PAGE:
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The Sephora Tweens Issue EDITORIAL

A Closer Look

     Recently, a new makeup trend has emerged, causing quite a stir in the beauty industry. Tweenagers, children between nine and twelve, are increasingly visiting Sephora stores and purchasing skincare and makeup products for adults. This issue, known as the “Sephora tweens” issue, has sparked many debates and concerns.


Health Problems

     One of the primary concerns is the potential health risks associated with the use of adult skincare and makeup products by tweens. Dr. Nava Greenfield, a dermatologist working at Schweiger Dermatology Group, argues that the active ingredients in these products may not be suitable for young skin. Young skin is still in its developmental phase and is more sensitive than adult skin. Using adult skincare products could lead to adverse reactions, including skin irritation, allergies, and long-term damage.


Behavioral Issues Seen In Sephora 

     There have been reports of tweens being rude, pushy, and misusing the store’s sample products. This behavior disrupts the shopping experience for other customers and raises questions about the values and manners being instilled in these young consumers. This hormonal imbalance could potentially lead to more aggressive behavior in tweens, adding another layer of concern to the issue.


Parenting Debate

     The issue has sparked a debate among parents. Mother Karyn Agosto states a controversial opinion in The Boston Globe, that parents should not allow their children to engage in such behavior. Agosto also points to the role of social media influencers and the beauty culture that capitalizes on girls’ insecurities to drive sales. This culture can have a significant impact on self-esteem and anxiety levels among tweens, leading to further discussions about the appropriateness of such influences.


Store Environment

     The presence of tweens in Sephora stores has led to a chaotic environment. Products are being used up, displays are being destroyed, and employees and customers are being verbally abused. This affects the store’s bottom line and the overall shopping experience. It raises questions about the responsibility of stores in managing such situations and ensuring a pleasant shopping environment for all customers.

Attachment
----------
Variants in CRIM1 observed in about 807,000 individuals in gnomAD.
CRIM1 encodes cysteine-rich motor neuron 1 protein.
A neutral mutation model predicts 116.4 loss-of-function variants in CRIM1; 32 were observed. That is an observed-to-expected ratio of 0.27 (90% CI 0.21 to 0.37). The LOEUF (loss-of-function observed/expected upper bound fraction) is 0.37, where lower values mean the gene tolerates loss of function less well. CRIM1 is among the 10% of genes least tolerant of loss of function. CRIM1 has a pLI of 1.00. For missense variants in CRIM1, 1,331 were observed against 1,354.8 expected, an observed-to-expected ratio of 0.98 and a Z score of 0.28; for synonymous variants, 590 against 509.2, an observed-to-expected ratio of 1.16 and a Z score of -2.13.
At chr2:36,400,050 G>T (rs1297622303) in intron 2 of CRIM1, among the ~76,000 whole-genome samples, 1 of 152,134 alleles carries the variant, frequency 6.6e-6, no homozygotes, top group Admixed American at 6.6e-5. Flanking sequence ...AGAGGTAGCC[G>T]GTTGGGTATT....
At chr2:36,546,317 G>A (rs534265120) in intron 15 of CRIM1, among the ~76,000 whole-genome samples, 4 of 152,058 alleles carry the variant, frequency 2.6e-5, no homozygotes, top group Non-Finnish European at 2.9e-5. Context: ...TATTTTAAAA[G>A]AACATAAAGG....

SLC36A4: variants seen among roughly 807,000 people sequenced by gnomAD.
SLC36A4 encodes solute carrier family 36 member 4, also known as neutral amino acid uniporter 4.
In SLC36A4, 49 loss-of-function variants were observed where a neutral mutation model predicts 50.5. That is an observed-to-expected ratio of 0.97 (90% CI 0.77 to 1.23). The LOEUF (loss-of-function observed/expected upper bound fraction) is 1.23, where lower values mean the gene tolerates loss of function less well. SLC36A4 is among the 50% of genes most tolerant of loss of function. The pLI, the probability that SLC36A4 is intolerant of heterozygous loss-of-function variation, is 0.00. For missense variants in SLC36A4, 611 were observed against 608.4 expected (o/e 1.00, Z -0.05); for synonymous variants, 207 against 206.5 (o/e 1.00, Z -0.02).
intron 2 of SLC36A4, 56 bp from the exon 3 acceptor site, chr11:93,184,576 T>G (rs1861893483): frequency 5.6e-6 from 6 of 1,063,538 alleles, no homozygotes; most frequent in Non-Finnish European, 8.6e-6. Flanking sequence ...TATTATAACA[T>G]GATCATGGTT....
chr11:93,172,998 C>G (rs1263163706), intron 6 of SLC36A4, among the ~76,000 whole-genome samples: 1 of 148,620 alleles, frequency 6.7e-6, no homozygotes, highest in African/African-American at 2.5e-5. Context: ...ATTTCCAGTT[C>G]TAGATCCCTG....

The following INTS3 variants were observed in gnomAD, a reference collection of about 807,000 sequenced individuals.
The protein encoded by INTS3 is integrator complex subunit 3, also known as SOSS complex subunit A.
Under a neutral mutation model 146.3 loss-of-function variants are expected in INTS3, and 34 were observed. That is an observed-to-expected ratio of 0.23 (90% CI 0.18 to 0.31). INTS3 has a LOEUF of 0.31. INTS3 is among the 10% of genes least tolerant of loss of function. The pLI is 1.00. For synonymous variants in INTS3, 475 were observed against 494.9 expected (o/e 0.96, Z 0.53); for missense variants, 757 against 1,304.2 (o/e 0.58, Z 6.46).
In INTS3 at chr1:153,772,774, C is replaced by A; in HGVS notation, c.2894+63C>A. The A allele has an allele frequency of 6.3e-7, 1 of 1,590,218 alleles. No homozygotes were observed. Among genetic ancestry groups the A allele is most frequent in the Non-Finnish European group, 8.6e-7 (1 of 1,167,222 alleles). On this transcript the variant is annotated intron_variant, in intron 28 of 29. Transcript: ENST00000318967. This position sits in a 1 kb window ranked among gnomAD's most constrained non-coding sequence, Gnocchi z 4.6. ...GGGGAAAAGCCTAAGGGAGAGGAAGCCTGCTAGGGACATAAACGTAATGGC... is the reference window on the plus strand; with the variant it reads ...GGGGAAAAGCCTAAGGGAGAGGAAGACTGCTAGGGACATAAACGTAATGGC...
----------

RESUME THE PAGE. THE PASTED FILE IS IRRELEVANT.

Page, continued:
Let’s take a look at what the Fallon community has to say about this rising issue. 

     Avanika Garlapati, a sixth grader, explains her take on the “Sephora Tweens” topic, saying, “I’ve heard a little bit about the Sephora Tweens Issue, and I think that it is really unnecessary. I believe that teenagers should use natural-driven skincare products. For example, aloe vera gel has really helped my skin glow.” 

     Furthermore, Sreenya Pragada, a sixth grader, shares her thoughts on using makeup as a tween, “I have heard a lot about the Sephora Tweens issue, and I believe that it is pretty subjective. I think it is your choice whether or not you want to go to Sephora. I go to Sephora frequently, and some products have helped me with my skin. However, you can’t just go around Sephora and treat it terribly. This is definitely the main issue, not makeup.”

     Avanika Garlapati emphasizes the importance of natural-driven skincare products for teenagers. Avanika’s stance aligns with the idea that simplicity and natural ingredients can effectively maintain healthy skin. Sreenya Pragada, on the other hand, acknowledges the subjectivity of the Sephora Tweens issue. However, she also highlights a crucial concern: respectful behavior within the store. According to Sreenya, the main issue lies in how tweens treat the store environment rather than the makeup itself. 


Impact on Self-esteem and Anxiety

     Mental health experts suggest that this trend could lead to unprecedented levels of anxiety and self-esteem issues among children. The pressure to look a certain way and fit into societal beauty standards can have long-term psychological effects. This pressure, coupled with the influence of social media and peer pressure, can lead to a significant increase in stress and anxiety levels among tweens.

     In conclusion, the “Sephora tweens” issue is complex and requires the attention of parents, educators, and policymakers. It’s a call to reassess our beauty standards, the influence of social media, and how we raise our children in a consumer-driven society. It’s crucial to balance allowing tweens to explore their interests and ensuring their physical and mental well-being.



Yahoo Life

The Boston Globe



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About the Contributor
Jahnavi Nimmakayla, Staff Writer
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